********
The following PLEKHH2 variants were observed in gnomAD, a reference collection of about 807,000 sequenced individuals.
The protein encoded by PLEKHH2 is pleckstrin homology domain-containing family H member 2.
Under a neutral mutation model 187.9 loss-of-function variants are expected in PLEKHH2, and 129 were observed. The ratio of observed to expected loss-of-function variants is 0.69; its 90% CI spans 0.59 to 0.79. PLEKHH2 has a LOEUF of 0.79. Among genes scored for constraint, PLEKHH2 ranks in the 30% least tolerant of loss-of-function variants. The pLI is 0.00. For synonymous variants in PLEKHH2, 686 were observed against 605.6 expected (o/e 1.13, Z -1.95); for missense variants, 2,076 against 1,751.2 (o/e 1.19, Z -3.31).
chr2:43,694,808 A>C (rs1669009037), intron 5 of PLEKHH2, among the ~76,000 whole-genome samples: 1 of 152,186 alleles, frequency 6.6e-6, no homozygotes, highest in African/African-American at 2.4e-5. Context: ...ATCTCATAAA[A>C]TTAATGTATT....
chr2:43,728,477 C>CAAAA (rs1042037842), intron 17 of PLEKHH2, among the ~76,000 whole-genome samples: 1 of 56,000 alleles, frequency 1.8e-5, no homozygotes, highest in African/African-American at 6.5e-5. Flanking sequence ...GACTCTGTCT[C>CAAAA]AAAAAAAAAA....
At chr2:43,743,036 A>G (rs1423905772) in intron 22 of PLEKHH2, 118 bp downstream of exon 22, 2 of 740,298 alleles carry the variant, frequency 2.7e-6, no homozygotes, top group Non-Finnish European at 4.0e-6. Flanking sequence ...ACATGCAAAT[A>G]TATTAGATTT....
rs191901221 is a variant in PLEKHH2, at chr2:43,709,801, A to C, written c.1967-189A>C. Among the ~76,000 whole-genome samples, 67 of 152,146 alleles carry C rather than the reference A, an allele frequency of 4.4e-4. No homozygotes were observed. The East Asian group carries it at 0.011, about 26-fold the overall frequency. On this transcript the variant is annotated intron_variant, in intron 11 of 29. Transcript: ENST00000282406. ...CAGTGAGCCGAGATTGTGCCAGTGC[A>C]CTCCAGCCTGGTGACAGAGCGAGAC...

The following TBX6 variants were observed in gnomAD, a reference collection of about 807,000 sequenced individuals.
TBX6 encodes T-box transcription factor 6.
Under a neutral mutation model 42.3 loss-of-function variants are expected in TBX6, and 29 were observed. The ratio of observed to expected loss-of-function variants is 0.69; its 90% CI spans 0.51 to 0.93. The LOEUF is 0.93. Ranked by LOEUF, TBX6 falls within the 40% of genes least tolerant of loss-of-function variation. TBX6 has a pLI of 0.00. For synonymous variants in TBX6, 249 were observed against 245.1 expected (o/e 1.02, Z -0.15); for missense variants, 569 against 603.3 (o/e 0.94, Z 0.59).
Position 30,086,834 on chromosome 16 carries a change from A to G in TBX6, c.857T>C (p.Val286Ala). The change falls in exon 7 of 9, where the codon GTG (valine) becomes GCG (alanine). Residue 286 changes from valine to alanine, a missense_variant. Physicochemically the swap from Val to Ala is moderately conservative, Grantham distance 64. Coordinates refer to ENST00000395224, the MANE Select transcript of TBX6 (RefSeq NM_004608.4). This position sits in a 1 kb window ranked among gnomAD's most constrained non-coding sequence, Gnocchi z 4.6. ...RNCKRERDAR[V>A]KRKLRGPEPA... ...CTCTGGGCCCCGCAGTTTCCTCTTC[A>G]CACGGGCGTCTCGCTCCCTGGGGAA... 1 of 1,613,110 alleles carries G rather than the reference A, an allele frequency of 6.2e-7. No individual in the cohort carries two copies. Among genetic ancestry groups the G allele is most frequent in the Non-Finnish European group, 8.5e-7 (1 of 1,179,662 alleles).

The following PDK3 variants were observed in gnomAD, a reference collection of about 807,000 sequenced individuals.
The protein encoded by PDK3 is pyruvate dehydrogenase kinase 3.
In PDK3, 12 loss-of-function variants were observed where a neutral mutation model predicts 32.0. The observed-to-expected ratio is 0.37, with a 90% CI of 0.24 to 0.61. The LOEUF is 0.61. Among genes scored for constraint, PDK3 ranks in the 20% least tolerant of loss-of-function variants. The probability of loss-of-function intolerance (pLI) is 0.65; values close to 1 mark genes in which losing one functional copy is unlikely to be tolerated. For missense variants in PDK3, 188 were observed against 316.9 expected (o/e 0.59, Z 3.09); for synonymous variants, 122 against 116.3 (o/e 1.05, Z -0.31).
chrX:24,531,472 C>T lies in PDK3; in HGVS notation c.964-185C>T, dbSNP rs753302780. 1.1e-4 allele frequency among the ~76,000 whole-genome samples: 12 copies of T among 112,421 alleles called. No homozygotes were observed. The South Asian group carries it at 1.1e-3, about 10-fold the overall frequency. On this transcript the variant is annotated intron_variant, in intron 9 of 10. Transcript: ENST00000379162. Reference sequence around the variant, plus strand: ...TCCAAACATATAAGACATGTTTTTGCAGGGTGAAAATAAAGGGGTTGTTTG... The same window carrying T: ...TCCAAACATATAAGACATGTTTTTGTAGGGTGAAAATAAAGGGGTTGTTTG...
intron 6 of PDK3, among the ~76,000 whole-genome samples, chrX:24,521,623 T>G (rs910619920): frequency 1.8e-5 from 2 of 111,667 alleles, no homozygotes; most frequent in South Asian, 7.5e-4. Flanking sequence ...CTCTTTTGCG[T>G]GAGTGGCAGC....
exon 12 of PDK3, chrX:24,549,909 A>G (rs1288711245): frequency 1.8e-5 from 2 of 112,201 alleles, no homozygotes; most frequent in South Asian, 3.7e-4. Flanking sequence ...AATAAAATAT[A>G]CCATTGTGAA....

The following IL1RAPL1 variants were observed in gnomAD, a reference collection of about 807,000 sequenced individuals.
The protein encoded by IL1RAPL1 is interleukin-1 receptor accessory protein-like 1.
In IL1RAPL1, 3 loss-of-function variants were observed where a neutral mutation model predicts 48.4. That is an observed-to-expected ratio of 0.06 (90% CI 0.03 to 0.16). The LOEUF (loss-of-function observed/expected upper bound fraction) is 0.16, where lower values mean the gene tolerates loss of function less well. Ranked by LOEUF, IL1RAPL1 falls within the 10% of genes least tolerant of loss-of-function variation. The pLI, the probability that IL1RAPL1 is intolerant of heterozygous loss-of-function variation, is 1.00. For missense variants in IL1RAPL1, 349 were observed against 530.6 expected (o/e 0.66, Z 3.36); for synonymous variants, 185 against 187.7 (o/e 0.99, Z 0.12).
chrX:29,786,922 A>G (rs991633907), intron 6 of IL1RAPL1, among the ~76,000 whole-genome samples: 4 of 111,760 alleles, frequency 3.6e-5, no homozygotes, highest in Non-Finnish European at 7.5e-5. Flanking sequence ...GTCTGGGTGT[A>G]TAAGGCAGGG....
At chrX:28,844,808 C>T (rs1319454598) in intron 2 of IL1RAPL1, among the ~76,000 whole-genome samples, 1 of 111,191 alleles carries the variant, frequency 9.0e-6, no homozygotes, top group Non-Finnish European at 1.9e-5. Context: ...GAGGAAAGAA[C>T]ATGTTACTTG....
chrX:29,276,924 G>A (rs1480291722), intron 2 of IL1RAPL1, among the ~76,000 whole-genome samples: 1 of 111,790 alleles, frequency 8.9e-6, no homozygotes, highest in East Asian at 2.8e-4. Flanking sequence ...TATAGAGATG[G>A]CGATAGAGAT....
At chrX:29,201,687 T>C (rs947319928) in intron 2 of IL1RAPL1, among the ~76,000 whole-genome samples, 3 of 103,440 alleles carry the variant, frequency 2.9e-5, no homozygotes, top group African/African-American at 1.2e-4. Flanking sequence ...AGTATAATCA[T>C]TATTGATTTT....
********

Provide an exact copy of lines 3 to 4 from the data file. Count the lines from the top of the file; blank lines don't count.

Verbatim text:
Under a neutral mutation model 187.9 loss-of-function variants are expected in PLEKHH2, and 129 were observed. The ratio of observed to expected loss-of-function variants is 0.69; its 90% CI spans 0.59 to 0.79. PLEKHH2 has a LOEUF of 0.79. Among genes scored for constraint, PLEKHH2 ranks in the 30% least tolerant of loss-of-function variants. The pLI is 0.00. For synonymous variants in PLEKHH2, 686 were observed against 605.6 expected (o/e 1.13, Z -1.95); for missense variants, 2,076 against 1,751.2 (o/e 1.19, Z -3.31).
chr2:43,694,808 A>C (rs1669009037), intron 5 of PLEKHH2, among the ~76,000 whole-genome samples: 1 of 152,186 alleles, frequency 6.6e-6, no homozygotes, highest in African/African-American at 2.4e-5. Context: ...ATCTCATAAA[A>C]TTAATGTATT....